Bee’s gingerbread cottage recipe

Hey baking friends! its been an AGE since I posted a recipe here, but this one is special, so here goes…

It has just been my businesses 7th birthday, and one of my biggest orders of all time, was for almost a thousand of these little gingerbread cottages…and each one has 6 pieces, so this means I have such strong muscle memory when make the cottages now, that it feels almost comforting to make them.

I promise you this is an achievable recipe. The dough will not spread, it doesn’t need chilling before you bake it, and its totally plant based, so there is no danger of sick tummies if little people get involved and start eating straight from the bowl.

The cookie dough is totally versatile too – it can be used for gingerbread shapes, baubles, other types of construction

For the biscuits: (makes enough for at least 2 gingerbread cottages)


  • 280 g plain flour (for GF use 2/3 pre-mixed blend, 1/3 ground almonds)
  • 140 g solid vegan “butter” e.g. Naturli / Stork block, at room temp
  • 140 g muscovado sugar
  • 1 flax egg (1 tbsp ground flax seeds, mixed with 4 tbsp hot water)
  • 1 tbsp ground ginger
  • 1 tbsp ground cinnamon
  • ½ tsp allspice / nutmeg


Mix everything together in a large bowl, or a stand mixer until you have a smooth, brown dough. If making ahead of time, allow to chill wrapped / in Tupperware in the fridge. Keeps for one week in the fridge and one month in the freezer.

To make the template:

On an A4 piece of card, draw out the following:

2 x roof panels measuring 7.5 X 5.5cm (see below, middle)

2 x side panels measuring 6.5 X 3.25 cm (see below, right)

2 x front / back panels measuring 7.5 X 7cm, with slanted points for the roof cut at 3.5cm. Add a front door by cutting freestyle keeping it little to ensure the house doesn’t crack / break.

To cut / make the gingerbread cottage

Preheat your oven to 175C and line a tray or two with parchment. On a lightly floured surface, roll the dough out evenly to around 0.5cm thick.

Carefully cut around the outline of the cottage pieces using a sharp knife carefully then transfer to a baking tray lined with parchment. Bake for around 10-15 minutes, depending on thickness, until they are a little more brown at the edges.

Allow to cool and then decorate the house pieces using the thinner icing consistency below, in any design you like best. Allow to set overnight (or at least an hour) before assembling the house.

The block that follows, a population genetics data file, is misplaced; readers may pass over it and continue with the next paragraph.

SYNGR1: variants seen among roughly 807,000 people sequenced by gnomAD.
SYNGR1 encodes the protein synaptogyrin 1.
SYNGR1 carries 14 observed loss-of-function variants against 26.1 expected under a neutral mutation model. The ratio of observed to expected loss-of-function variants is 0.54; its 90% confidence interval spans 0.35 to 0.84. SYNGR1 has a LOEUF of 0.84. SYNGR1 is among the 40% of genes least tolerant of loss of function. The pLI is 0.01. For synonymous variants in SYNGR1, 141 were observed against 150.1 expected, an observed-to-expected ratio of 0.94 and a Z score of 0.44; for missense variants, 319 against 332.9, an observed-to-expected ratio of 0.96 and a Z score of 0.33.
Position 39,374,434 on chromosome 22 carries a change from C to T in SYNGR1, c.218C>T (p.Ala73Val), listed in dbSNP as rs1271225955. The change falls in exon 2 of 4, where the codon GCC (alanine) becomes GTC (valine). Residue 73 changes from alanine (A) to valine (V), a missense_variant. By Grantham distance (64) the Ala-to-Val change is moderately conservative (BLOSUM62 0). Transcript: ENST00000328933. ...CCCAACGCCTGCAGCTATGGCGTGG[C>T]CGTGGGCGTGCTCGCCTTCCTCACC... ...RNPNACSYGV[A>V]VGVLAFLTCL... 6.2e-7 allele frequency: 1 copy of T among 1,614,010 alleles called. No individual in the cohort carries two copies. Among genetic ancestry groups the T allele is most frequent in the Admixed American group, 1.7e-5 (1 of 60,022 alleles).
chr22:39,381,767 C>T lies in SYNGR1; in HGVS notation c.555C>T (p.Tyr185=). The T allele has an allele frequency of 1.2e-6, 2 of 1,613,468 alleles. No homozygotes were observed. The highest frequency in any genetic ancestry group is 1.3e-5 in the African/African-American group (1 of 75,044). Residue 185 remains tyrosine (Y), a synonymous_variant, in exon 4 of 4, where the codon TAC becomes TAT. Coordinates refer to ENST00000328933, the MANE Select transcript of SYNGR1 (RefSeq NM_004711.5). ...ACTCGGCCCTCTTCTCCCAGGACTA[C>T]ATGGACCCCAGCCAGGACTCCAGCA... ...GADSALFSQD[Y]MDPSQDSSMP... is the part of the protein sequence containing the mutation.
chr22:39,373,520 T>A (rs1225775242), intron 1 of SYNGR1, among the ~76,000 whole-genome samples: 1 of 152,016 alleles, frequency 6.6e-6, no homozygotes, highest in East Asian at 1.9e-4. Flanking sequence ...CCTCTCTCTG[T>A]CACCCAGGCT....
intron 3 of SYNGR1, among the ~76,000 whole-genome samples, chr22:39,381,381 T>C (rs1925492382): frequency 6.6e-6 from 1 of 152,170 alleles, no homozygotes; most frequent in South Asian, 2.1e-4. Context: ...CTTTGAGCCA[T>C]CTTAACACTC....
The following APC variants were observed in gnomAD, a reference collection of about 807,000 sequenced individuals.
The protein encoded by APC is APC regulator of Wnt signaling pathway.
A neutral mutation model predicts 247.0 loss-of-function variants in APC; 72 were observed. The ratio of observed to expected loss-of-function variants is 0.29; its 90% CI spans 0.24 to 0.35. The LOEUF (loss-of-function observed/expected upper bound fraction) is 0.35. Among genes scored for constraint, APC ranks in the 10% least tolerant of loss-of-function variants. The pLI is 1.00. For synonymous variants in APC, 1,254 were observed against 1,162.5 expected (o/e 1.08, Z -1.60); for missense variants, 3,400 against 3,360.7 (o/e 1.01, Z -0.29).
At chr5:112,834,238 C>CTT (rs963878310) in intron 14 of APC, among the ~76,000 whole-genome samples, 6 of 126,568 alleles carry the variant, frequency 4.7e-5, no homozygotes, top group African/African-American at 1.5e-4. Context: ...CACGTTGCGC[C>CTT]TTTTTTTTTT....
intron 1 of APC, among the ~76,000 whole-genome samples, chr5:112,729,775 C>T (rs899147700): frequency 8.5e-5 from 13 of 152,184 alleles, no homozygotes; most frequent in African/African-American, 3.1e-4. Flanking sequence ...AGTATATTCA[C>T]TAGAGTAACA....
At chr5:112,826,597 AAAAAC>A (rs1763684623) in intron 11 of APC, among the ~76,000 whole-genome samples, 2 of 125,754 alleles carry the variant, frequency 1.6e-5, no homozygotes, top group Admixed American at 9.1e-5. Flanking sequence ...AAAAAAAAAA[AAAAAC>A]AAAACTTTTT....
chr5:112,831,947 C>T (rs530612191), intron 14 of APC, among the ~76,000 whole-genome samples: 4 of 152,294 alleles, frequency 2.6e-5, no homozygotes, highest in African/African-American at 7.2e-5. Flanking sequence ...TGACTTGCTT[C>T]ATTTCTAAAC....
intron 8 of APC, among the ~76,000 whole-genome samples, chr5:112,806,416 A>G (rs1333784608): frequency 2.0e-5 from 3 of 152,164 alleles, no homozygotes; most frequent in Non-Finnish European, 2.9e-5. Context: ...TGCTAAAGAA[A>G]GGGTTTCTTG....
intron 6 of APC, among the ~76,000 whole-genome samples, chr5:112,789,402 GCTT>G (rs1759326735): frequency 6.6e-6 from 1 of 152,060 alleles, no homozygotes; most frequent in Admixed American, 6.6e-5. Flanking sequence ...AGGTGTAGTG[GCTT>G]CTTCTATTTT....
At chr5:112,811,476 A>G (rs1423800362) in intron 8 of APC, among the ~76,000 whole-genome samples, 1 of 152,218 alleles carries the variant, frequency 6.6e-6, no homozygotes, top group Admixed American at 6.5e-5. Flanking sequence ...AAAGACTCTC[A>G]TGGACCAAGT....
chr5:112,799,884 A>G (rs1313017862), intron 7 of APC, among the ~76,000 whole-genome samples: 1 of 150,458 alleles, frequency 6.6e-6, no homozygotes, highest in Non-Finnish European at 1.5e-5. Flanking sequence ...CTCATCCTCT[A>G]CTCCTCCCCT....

To assemble the cottages:

To assemble, use the thicker icing consistency. Cut a sharp, 3-4mm hole in the end of your piping bag / parchment bag. Using a wiggling motion, pipe a wiggly line along the inside edges and bottom of each gingerbread piece in this order: front, side, and side, back. If your line doesn’t look pretty enough when you stick them together, just scrape off and try again. Gently place and press the pieces into place on your base. Allow to set for a few minutes, then gently wiggle another thick line of icing all around the edge of the cottage foundation, and on the inside edge of one of the roof panels. Gently put the roof in place and allow to rest for at least an hour, ideally overnight before moving / packaging up.

For the royal icing:

Makes enough to ice two houses and at least 5 cookies, depending on the design. Keeps for one week in the fridge.

  • 500 – 520 g icing sugar
  • 1 tbsp. cornflour
  • 1 tsp. xanthan gum
  • 100 ml cup aquafaba (drained water from about a tin of chickpeas)
  • 1 tbsp. piping gel (optional)
  • 1 tsp. glycerine (optional)
  • food colours as required, gel or paste ones give an intense colour, but natural fruit powders e.g. spirulina work too.


Combine everything in a large bowl or a stand mixer and mix for around 3-5 minutes, until you have a thick, glossy icing. If needed, spoon in a little more aquafaba or icing sugar to get the right consistency. Store in an airtight container.


Add a little more aquafaba / icing sugar as needed:

  • to stick gingerbread house pieces together, aim for a very stiff peak, hard-to-mix consistency
  • to pipe clear and sharp lines, aim for a softer icing, that still holds its shape